This award funds the research activities of Professor David Tucker-Smith at Williams College.
The Large Hadron Collider (LHC) has already made enormous progress pushing forward the high energy frontier. During the coming years, the LHC will continue to probe some of the deepest mysteries in particle physics, including the origin of elementary particle masses and the nature of dark matter. In his research, Professor Tucker-Smith studies extensions of the Standard Model of particle physics, with an emphasis on understanding how these theories can be tested at the LHC. As part of this project, Professor Tucker-Smith will study models that address a surprising experimental development from the Tevatron at Fermilab --- measurements of an anomalously large forward-backward asymmetry in top-antitop production. He will also study the LHC phenomenology of theories with a particular type of new force carrier, theories incorporating new ideas for dark matter, and theories in which the Higgs sector, the part of the model responsible for generating the masses of the elementary particles, differs from that of the Standard Model.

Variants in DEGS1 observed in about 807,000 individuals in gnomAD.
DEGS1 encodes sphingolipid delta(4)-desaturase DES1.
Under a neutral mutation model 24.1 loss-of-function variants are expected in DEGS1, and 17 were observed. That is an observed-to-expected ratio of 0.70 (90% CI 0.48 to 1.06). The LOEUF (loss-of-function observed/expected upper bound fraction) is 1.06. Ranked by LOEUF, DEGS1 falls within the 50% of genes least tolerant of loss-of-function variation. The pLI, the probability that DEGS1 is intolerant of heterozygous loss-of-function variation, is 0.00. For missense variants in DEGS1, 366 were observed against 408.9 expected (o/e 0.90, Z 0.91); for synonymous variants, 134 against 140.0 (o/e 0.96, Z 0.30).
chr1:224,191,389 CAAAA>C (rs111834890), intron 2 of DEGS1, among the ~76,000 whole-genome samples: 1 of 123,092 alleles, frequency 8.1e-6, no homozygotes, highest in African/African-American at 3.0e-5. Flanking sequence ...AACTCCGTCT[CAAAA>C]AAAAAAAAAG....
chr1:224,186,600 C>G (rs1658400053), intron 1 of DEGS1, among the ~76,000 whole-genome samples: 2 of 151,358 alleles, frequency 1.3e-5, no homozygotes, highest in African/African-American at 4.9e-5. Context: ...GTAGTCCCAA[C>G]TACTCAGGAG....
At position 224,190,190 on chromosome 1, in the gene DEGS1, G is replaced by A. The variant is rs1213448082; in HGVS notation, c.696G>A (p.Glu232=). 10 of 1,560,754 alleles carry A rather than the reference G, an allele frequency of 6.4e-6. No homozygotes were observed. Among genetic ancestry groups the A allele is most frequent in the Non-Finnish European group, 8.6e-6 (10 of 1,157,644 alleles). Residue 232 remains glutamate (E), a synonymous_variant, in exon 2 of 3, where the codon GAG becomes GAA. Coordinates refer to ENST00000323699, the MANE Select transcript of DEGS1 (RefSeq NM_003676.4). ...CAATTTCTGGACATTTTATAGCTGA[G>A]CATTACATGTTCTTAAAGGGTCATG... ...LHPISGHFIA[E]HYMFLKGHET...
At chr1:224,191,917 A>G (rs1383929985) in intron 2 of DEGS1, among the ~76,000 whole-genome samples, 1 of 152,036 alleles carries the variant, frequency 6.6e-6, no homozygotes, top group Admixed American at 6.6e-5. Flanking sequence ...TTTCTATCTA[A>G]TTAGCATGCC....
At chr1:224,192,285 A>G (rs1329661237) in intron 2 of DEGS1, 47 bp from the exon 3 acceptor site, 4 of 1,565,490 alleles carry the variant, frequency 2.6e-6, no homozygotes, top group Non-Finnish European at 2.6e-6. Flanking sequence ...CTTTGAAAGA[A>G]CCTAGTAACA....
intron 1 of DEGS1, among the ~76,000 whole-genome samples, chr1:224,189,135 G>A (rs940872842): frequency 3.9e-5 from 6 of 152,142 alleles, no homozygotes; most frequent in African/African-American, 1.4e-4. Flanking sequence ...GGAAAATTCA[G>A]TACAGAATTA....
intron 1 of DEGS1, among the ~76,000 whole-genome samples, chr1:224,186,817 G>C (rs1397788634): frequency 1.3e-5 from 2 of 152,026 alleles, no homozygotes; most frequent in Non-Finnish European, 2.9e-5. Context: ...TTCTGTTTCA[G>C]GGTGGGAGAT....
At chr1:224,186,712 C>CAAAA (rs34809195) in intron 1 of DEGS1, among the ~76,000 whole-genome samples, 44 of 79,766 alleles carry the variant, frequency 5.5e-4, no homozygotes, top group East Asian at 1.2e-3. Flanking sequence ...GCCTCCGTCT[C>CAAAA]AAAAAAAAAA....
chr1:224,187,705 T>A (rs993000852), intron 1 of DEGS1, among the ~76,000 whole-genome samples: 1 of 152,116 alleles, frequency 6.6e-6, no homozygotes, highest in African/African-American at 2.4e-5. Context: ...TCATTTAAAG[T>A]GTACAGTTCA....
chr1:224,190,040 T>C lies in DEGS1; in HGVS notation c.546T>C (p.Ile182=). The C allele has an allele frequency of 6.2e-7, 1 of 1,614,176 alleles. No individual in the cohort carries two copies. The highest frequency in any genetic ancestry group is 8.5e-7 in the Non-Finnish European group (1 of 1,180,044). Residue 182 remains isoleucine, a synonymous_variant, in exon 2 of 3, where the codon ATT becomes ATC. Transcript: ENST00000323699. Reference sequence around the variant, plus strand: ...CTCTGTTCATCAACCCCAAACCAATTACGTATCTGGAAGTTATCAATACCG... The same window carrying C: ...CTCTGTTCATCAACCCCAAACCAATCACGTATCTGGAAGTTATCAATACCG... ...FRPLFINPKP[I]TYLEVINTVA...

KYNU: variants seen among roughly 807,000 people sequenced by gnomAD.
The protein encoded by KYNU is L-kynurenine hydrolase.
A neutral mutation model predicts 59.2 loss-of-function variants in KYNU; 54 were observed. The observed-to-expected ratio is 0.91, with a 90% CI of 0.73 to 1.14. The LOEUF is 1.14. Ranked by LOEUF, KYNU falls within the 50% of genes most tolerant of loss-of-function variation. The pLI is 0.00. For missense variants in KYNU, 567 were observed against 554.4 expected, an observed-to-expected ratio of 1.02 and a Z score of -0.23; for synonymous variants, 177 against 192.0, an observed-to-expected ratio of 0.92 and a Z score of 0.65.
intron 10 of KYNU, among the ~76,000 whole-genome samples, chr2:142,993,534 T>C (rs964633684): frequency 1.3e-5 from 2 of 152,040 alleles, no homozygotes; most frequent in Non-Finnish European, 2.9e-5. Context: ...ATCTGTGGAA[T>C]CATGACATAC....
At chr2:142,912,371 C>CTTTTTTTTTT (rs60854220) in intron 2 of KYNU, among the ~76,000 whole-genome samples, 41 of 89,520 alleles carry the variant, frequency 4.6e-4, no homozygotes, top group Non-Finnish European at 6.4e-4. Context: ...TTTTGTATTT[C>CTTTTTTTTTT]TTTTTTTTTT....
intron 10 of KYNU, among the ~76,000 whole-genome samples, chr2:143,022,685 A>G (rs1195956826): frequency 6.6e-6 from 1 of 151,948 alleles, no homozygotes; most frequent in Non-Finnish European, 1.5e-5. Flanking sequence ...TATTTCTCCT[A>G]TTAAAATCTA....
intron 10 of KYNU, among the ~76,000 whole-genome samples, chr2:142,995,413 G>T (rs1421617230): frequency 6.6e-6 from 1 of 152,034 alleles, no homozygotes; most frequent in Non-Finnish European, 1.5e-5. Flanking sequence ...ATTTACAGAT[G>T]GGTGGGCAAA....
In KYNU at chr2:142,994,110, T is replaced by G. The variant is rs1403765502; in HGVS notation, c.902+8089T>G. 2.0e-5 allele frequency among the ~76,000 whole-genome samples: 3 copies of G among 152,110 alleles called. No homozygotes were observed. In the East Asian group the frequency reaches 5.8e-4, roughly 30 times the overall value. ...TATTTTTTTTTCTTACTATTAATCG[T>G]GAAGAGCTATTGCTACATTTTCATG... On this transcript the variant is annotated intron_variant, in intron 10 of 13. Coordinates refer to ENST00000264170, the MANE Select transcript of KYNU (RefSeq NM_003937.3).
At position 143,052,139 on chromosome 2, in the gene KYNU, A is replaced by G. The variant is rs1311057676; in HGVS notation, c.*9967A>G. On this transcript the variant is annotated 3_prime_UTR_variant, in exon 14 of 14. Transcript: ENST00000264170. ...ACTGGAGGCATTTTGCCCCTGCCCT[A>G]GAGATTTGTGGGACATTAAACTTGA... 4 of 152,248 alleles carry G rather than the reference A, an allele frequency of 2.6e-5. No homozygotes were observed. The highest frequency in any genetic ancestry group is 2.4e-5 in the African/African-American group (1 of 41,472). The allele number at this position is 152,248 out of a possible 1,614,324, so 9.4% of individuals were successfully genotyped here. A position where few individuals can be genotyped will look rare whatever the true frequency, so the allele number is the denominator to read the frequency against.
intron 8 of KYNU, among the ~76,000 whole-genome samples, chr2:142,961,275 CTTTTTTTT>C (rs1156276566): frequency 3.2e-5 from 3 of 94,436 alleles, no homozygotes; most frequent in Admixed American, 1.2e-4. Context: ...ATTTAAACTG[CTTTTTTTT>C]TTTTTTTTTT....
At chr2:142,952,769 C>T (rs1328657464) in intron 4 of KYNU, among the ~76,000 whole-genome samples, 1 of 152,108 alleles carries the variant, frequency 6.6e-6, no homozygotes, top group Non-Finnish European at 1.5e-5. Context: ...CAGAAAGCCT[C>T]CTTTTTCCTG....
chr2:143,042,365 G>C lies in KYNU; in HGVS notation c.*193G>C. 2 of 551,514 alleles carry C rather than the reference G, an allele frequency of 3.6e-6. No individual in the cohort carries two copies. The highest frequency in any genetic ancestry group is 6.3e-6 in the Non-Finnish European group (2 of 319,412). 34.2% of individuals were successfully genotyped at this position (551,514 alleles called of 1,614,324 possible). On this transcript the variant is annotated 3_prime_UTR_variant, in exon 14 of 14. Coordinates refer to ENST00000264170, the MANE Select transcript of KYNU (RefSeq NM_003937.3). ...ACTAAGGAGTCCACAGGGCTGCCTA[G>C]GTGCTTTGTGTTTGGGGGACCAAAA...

This project will also have signficant broader impacts. Undergraduate involvement is a central part of the Professor Tucker-Smith's research program. Students will have the opportunity to engage in particle physics research, and through their work they will learn important ideas, methods, and results relating to particle phenomenology and to theoretical physics in general.